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Re: The ground-nowhere hypothesis on the origin of bird flight
David Marjanovic <firstname.lastname@example.org> wrote:
> I keep reading on this list that the
> ground-up/trees-down dichotomy is outdated. It is outdated
> as a dichotomy -- the number of hypotheses is greater
> than two. However, reality does not need to lie in the
> middle. Probably it lies somewhere else entirely.
That is true in an ecological sense. However, the old ground-up/trees-down
dichotomy boils down to the role of gravity in aerial behavior: Was the
pro-avian working with or against gravity? This is not really about whether
the pro-avian lived in trees, or on the ground, because some models that favor
a terrestrial pro-avian also propose a gravity-assisted path to flight - like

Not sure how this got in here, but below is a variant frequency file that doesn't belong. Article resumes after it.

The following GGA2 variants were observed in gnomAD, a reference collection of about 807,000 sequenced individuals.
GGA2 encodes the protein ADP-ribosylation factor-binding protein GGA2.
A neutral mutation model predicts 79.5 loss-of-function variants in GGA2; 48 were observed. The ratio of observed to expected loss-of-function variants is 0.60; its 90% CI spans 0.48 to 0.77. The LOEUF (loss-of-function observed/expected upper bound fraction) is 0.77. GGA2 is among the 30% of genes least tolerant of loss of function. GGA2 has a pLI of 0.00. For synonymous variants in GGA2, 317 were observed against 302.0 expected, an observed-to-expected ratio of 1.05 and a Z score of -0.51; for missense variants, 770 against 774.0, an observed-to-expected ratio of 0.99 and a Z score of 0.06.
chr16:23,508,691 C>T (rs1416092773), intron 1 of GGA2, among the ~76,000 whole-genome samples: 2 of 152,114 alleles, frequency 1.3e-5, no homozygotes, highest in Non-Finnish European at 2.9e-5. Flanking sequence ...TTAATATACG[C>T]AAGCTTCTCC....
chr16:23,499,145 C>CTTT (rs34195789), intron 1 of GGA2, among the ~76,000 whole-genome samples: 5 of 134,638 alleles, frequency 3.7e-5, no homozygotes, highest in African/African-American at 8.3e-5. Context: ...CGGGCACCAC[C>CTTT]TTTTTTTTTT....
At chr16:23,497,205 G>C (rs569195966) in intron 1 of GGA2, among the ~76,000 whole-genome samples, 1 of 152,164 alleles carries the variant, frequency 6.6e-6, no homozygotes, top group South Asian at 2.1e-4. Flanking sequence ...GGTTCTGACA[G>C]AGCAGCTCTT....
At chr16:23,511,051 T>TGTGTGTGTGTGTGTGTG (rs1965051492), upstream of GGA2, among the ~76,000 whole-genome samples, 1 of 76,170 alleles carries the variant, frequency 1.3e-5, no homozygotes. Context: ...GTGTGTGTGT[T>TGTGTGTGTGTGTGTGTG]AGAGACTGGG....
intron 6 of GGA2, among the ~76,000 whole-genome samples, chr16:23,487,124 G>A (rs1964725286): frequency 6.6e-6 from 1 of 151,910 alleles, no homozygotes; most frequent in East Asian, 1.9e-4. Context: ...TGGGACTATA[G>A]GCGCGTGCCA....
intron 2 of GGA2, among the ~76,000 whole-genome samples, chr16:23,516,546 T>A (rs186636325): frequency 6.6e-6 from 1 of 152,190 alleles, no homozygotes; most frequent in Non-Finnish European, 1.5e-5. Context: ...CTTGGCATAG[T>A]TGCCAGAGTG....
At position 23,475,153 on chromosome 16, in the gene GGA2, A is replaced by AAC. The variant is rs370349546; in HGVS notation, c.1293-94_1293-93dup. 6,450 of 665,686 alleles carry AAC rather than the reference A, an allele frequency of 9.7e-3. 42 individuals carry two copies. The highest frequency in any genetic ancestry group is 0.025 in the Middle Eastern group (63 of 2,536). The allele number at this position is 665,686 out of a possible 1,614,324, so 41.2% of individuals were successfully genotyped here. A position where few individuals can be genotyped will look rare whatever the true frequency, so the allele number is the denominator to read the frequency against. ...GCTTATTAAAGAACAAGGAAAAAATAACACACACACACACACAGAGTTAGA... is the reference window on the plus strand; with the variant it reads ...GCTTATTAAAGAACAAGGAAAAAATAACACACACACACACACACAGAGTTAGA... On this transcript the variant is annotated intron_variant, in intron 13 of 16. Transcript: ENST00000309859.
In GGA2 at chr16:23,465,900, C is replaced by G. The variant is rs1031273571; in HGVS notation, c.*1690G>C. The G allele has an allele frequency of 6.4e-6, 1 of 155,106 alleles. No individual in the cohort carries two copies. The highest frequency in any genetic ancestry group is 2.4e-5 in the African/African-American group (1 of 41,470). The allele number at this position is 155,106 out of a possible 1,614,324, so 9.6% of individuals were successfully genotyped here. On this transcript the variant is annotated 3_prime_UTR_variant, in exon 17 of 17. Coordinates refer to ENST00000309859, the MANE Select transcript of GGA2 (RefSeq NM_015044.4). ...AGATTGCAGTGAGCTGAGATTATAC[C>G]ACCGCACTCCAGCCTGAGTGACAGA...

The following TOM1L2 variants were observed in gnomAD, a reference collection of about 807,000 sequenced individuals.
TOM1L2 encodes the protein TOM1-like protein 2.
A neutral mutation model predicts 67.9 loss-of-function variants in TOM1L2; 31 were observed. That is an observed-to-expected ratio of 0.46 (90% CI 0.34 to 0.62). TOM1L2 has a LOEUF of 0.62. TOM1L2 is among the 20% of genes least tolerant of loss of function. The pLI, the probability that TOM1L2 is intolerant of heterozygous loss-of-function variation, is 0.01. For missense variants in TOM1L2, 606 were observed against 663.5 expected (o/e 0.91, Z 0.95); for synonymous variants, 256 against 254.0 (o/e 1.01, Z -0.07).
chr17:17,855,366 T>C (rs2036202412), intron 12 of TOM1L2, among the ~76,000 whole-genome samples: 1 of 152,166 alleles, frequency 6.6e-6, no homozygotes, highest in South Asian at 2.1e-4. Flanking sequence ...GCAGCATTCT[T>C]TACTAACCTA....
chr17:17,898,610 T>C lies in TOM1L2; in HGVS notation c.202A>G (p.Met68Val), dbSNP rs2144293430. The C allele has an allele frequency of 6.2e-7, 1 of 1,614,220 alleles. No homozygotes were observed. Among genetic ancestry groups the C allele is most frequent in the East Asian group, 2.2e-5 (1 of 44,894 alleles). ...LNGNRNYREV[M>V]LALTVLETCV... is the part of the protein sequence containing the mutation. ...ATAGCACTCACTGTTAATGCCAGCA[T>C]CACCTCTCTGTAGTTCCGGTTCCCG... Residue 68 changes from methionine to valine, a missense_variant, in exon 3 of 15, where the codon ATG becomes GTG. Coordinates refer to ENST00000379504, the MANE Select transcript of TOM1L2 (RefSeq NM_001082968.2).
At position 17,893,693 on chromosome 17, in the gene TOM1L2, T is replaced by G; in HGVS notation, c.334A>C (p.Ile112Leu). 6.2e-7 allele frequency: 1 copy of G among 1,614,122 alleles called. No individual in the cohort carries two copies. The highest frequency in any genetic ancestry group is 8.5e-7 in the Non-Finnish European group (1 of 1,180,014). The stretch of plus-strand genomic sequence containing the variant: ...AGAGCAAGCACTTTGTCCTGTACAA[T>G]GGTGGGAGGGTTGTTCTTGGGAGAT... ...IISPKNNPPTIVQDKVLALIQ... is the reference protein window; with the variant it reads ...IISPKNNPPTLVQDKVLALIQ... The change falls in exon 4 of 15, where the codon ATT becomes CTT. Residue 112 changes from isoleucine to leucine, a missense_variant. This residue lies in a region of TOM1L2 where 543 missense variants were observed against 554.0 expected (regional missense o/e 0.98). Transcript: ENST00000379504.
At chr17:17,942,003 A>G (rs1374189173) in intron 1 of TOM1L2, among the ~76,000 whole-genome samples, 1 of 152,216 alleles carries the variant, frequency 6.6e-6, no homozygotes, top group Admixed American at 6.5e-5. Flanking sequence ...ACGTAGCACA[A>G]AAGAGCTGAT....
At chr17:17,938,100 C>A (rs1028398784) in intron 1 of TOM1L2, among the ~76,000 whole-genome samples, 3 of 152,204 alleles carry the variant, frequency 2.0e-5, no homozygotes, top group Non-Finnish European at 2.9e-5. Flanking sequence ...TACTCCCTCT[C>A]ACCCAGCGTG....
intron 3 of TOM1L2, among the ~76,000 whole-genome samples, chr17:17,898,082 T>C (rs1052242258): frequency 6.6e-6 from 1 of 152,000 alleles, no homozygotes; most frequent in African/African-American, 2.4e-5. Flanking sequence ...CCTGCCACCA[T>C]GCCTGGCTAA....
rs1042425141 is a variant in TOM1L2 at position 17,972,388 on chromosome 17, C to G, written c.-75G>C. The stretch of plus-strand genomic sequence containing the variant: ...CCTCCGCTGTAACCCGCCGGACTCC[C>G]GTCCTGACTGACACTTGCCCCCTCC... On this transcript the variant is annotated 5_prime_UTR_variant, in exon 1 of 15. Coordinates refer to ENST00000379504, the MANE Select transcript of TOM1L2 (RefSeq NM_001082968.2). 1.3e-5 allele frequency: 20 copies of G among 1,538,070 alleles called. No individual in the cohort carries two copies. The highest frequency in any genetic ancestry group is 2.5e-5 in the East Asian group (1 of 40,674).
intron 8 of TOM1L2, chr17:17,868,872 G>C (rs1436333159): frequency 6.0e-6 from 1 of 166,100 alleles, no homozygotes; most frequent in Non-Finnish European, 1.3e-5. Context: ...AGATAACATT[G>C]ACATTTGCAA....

So in the sense of the role of gravity, there can only be two hypotheses: the
pro-avian is either using gravity to its advantage (e.g., Pouncing Proavis, or
an arboreal glider), or it is actively fighting against gravity (e.g., leaping
from the ground into the air to catch insects). At any given moment, the
pro-avian can either be working with or against gravity, not both.
However, it is theoretically possible that the role of gravity changed at
different stages in the evolution of flight. This is why the dichotomy is
outdated. Such a switch seems to be implied in the "stability flapping" model:
initially the predator is using gravity to its advantage (to help pin down
prey), but at some later evolutionary stage the theropod uses its wings to
launch itself into the air, against the force of gravity. If I understand the
model correctly, that is. (If I'm woefully misunderstanding this model, I
apologise.) I'm really looking forward to the papers. I particular look
forward to this statement being elaborated upon: "Selection for more efficient
stability flapping provides a viable selection pathway to true powered flight."
How exactly? What selective advantage would aerial locomotion be to a
predator that wants to pin down terrestrial prey? I'll happily W4TPs...